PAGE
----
For esports business owners or professional players who pay more attention to being in the game than meeting their tax obligations, be warned. The saying there’s nothing more certain than death and taxes conveys a fundamental truth that you ignore at your peril, if you fail to understand your tax obligations.
And not just here in Australia. All the countries you operate or compete in have tax laws that demand your attention.
I’ve identified THREE tax matters that need to be taken seriously by esports players, teams and business owners alike. These are matters that need your close attention sooner rather than later.
The truth is, most esports businesses aren’t paying a great deal of attention to tax and I can understand that. Tax isn’t particularly exciting compared to building a reputation in this new and fast-paced business sector. On the other hand, the consequences can be serious if you ignore your tax obligations.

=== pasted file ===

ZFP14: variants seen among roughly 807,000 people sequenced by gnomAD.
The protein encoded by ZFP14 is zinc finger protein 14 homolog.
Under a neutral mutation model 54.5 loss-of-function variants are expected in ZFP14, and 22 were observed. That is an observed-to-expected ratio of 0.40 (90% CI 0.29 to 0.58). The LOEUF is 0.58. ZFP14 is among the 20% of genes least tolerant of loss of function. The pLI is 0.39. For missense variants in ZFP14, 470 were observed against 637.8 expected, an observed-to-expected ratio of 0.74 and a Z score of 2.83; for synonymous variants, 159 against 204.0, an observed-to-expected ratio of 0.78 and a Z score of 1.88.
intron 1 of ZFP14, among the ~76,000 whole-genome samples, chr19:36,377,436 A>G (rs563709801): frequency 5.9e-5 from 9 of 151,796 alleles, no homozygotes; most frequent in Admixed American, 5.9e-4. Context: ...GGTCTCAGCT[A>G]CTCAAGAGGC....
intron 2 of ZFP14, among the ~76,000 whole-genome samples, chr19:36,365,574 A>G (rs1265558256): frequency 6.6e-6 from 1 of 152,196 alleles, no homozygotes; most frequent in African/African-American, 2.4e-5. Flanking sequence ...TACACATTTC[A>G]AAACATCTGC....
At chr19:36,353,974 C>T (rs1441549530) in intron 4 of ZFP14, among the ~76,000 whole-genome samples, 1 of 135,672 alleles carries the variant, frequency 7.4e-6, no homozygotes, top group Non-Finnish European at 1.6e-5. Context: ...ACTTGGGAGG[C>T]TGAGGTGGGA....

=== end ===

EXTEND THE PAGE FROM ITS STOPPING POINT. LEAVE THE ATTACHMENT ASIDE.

In March, I attended the EGGA Conference and there was a lot of talk about esports as an industry wanting to be considered with the same high esteem afforded traditional sports organisations, teams and professionals. But does that also include how they are taxed?
In any new business sector, it takes a period of time for industry associations, business owners and tax authorities to work out how legislation applies to circumstances that don’t quite line up with the traditional formula. While it remains to be seen how things will pan out, for the moment, esports organisations need to meet their tax obligations in accordance with the existing rules.
All business owners, including those in the esports need a formalised business structure. This is the case whether you are operating as a sole trader (a gamer), partnership (part of a team) or a fully fledged business entity like a company or trust.
Setting up the correct business structure is dependent on your own set of circumstances. A business structure may be used to separate your business financial affairs from your private financial affairs. This means a legal challenger or debtor who wants to settle a business dispute or debt will be unable to claim your private home or personal savings as restitution.